Discovery Blazes One Last Trail
The space shuttle Discovery may be the most successful spacecraft in history. She launched the Hubble telescope and carried more crews safely to and from space than any other ship. She was first to bring a satellite back to Earth; first to have a female pilot at the helm; first to carry the oldest person into space -- 77-year-old John Glenn; first to host an African-American space walker; and first to fly a member of Congress into orbit, Utah Senator Jake Garn.
Just shy of 40 successful space journeys, the NASA shuttle Discovery headed to the International Space Station (ISS) Thursday on a final mission that followed repair problems and bad weather.
Known as "STS-133," Discovery's last voyage will take 11 days. The shuttle is delivering a variety of parts and modules to the space station and carrying an interesting hitchhiker --a humanoid robot named "Robonaut 2," or "R2."
"Discovery's final flight involves delivery of a last few components to the ISS," said Stevens Institute of Technology space systems engineering professor Debra Lepore, former lead engineer for the technical panel of the U.S. Congressional Space Launch Modernization Plan.
"The components can house science experiments, help expand laboratory capabilities, and increase storage space," Lepore told TechNewsWorld. "Think of them like additional rooms added to a modular home."
With Discovery in retirement, NASA will shutter its entire shuttle program after two more missions are completed.
U.S. Representative Gabrielle Giffords -- recovering from gunshot wounds in a Houston rehabilitation clinic -- will watch as her husband Mark Kelly joins the shuttle Endeavour crew for its final flight April 19.
The shuttle Atlantis flies June 28.
Named after a seagoing vessel piloted by 17th century explorer Henry Hudson, Discovery started her career in 1984, going on to a "rich history in human space flight," NASA Administrator Charles Bolden blogged in a final tribute.
"It was my honor to fly aboard Discovery on the STS-31 mission in 1990, when she brought the Hubble Space Telescope into orbit. And on STS-60, when Sergei Krikalev, the first Russian to fly on an American spacecraft, was a crew member," he recalled.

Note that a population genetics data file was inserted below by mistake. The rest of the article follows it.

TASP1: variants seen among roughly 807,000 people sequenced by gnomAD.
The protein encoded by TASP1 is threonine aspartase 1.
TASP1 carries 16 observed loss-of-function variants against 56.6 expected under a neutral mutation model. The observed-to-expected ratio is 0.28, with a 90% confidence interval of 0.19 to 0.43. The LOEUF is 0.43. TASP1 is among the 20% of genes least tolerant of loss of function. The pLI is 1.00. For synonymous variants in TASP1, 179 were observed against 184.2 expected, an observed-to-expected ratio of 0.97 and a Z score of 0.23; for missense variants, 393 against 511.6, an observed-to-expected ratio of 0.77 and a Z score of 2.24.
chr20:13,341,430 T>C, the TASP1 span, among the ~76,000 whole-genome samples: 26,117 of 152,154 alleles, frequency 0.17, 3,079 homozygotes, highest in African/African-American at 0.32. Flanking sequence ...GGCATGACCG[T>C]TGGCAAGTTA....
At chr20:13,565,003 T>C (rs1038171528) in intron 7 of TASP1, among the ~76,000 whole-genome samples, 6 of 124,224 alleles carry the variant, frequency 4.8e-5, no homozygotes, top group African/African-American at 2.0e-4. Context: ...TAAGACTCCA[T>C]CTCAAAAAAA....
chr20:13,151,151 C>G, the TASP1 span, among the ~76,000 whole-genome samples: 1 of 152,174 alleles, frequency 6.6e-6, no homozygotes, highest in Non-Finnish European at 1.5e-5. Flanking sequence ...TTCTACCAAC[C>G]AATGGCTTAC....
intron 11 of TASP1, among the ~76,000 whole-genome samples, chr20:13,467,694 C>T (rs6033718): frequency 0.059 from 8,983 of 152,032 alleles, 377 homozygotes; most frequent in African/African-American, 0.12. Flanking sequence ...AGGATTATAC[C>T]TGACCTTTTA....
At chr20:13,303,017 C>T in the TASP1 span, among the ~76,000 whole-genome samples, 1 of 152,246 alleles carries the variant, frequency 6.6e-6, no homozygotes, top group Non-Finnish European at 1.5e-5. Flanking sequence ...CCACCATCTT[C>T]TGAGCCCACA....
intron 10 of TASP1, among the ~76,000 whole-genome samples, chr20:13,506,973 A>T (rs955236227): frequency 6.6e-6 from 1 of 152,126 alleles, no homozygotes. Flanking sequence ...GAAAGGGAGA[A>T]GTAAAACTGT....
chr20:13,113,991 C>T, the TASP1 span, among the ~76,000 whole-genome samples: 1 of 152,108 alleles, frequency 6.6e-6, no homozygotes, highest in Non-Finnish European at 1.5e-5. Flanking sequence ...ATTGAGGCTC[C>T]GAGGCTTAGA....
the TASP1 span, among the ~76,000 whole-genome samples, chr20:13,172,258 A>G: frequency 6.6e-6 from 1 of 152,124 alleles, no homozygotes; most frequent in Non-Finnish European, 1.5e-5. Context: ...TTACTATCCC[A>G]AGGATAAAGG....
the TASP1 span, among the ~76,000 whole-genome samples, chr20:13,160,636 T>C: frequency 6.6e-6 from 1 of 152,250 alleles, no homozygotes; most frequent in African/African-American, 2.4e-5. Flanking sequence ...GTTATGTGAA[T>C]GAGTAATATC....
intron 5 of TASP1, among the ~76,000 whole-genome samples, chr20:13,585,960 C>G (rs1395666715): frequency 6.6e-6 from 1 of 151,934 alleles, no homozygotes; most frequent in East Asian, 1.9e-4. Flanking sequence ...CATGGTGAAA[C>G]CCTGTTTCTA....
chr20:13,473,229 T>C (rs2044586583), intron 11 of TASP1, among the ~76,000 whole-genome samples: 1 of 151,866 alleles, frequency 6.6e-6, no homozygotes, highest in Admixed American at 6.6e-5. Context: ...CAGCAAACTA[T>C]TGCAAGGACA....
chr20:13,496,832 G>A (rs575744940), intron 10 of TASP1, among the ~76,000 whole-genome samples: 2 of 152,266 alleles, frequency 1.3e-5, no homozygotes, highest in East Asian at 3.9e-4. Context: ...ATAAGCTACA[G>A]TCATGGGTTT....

With her uplifting history, Discovery kept the flames of space exploration alive in the wake of the Challenger and Columbia shuttle tragedies, wrote Bolden.
"The Discovery is now the oldest operating shuttle, after the very sad loss of Challenger, Columbia, and their crews," said human space exploration researcher Stephen Braham, Ph.D., who directs the Simon Fraser University PolyLAB.
"Along with the Hubble telescope, Discovery launched many spacecraft, including the Advanced Communication Test Satellite (ACTS)," Braham told TechNewsWorld. "ACTS defined modern Ka-band communications, and was used by my team in the Arctic in 1999, at the NASA Haughton-Mars Project."
Discovery, in fact, may be the most successful spacecraft in history. She's carried more crews safely to and from space than any other ship. Among many firsts: She was first to bring a satellite back to Earth; first to have a female pilot at the helm; first to carry the oldest person into space -- 77-year-old John Glenn; first to host an African-American space walker; and first to fly a member of Congress into orbit, Utah Senator Jake Garn.
Her final mission, Braham said, "is critical, and involves veteran NASA astronauts for that importance."
Not only will the team install the last modular ISS components, but they will be "demonstrating the importance of next-generation tele-robotics for future Solar System exploration," Braham said. "Robonaut 2 will allow us to understand how humans can operate robots to maintain systems in space, and also to explore the surface of Mars, and the moons of Mars."
After the shuttle program closes this year, "the U.S. will have to rely on Russia for the manned part of the International Space Station until private outfits can come on line," said UCLA aerospace engineering Ph.D. candidate Lord Cole.
"Because the space shuttle program was such a large part of NASA and its public image, it will be interesting to see what direction they go in," Cole told TechNewsWorld.
With Russians manning shuttle missions, the ISS may become a national laboratory that allows a much broader array of international partners to conduct "good science," Stevens' Lepore explained. "It could change in tandem with private ventures to replace the shuttle program."
Calling Thursday's launch "bittersweet," NASA's Bolden wrote that he looks to the commercial aerospace industry as a major part of "what the future holds for humans in space. Commercial space is fast becoming a reality."
For now, however, Bolden wished his crew "Godspeed, on this tough bird's final voyage."